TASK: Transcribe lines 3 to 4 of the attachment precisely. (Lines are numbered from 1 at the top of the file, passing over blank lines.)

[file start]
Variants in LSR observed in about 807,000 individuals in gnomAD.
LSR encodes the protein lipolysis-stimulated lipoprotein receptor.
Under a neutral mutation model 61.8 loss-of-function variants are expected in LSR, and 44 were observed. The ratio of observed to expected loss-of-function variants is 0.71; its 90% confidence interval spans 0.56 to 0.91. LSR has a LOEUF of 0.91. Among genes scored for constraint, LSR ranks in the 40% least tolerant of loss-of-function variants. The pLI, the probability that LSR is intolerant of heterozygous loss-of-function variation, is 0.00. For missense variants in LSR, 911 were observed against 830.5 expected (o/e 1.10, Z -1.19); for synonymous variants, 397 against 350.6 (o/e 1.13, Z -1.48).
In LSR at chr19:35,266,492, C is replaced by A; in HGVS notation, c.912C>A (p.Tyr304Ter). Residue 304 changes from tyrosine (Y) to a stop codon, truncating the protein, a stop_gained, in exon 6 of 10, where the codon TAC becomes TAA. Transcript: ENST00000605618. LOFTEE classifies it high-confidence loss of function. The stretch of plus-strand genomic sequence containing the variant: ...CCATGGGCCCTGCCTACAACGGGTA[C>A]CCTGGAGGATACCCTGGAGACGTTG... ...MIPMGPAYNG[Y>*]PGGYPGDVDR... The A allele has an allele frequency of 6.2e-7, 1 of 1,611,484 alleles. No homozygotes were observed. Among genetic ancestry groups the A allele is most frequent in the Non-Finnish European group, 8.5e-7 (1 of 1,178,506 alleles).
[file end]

Under a neutral mutation model 61.8 loss-of-function variants are expected in LSR, and 44 were observed. The ratio of observed to expected loss-of-function variants is 0.71; its 90% confidence interval spans 0.56 to 0.91. LSR has a LOEUF of 0.91. Among genes scored for constraint, LSR ranks in the 40% least tolerant of loss-of-function variants. The pLI, the probability that LSR is intolerant of heterozygous loss-of-function variation, is 0.00. For missense variants in LSR, 911 were observed against 830.5 expected (o/e 1.10, Z -1.19); for synonymous variants, 397 against 350.6 (o/e 1.13, Z -1.48).
In LSR at chr19:35,266,492, C is replaced by A; in HGVS notation, c.912C>A (p.Tyr304Ter). Residue 304 changes from tyrosine (Y) to a stop codon, truncating the protein, a stop_gained, in exon 6 of 10, where the codon TAC becomes TAA. Transcript: ENST00000605618. LOFTEE classifies it high-confidence loss of function. The stretch of plus-strand genomic sequence containing the variant: ...CCATGGGCCCTGCCTACAACGGGTA[C>A]CCTGGAGGATACCCTGGAGACGTTG... ...MIPMGPAYNG[Y>*]PGGYPGDVDR... The A allele has an allele frequency of 6.2e-7, 1 of 1,611,484 alleles. No homozygotes were observed. Among genetic ancestry groups the A allele is most frequent in the Non-Finnish European group, 8.5e-7 (1 of 1,178,506 alleles).